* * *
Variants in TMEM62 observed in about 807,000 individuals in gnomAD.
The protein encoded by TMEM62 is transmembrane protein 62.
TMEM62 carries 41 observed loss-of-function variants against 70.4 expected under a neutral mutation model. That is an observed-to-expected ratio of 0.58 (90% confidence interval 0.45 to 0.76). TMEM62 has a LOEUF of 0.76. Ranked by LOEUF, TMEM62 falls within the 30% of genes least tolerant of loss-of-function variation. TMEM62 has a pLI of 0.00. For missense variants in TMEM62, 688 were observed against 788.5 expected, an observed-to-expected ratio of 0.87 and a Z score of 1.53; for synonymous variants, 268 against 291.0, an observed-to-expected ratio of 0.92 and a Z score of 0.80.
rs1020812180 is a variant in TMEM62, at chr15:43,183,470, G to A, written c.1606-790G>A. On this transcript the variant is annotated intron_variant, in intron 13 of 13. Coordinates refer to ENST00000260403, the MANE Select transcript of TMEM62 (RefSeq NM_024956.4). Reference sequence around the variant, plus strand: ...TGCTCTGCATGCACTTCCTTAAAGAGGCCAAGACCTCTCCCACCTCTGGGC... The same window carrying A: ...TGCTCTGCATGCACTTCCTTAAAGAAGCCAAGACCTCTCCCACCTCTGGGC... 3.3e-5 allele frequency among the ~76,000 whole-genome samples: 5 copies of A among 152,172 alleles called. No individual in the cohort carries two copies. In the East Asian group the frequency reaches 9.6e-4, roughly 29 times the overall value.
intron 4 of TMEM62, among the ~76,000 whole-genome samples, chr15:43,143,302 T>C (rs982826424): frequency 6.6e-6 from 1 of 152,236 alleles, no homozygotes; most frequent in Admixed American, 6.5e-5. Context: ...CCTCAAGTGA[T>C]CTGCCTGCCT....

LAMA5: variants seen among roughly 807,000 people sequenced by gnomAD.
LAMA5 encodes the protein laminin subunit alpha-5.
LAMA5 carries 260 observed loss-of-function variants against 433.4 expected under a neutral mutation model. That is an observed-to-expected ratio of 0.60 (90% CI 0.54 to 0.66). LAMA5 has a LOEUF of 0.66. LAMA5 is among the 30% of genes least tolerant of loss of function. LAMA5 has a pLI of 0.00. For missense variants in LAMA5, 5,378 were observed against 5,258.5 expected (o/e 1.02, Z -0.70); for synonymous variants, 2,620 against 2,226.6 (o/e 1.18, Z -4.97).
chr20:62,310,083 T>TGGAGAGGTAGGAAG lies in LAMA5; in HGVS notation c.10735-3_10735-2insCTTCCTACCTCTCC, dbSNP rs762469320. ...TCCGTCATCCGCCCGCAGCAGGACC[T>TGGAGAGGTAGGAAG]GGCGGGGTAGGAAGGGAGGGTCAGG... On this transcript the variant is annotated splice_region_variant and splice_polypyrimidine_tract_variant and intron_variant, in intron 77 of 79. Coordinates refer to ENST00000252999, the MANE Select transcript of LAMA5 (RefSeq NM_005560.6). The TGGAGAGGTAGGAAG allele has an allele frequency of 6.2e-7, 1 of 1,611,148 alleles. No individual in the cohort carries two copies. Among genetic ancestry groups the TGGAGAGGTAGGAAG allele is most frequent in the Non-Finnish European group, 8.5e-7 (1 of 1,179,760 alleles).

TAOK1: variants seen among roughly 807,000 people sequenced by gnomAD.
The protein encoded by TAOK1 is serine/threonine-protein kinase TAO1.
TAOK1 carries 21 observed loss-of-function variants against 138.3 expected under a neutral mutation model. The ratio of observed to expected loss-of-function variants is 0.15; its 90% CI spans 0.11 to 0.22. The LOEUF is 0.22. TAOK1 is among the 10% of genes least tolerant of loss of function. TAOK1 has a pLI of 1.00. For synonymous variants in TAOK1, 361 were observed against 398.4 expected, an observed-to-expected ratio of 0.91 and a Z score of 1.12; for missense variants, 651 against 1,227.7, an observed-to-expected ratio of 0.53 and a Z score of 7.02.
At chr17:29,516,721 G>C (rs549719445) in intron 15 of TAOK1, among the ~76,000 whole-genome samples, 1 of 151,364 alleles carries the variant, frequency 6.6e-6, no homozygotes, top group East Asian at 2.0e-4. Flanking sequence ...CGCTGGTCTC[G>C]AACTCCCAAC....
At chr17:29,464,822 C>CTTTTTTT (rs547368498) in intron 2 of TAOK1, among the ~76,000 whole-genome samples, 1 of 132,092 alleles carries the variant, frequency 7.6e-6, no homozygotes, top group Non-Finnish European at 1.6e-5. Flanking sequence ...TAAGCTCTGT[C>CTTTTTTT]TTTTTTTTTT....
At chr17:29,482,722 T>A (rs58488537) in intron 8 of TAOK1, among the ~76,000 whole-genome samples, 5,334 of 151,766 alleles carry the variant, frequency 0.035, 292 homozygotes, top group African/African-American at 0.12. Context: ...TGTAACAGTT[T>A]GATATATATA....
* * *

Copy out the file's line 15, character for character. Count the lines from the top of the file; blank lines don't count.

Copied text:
At chr17:29,482,722 T>A (rs58488537) in intron 8 of TAOK1, among the ~76,000 whole-genome samples, 5,334 of 151,766 alleles carry the variant, frequency 0.035, 292 homozygotes, top group African/African-American at 0.12. Context: ...TGTAACAGTT[T>A]GATATATATA....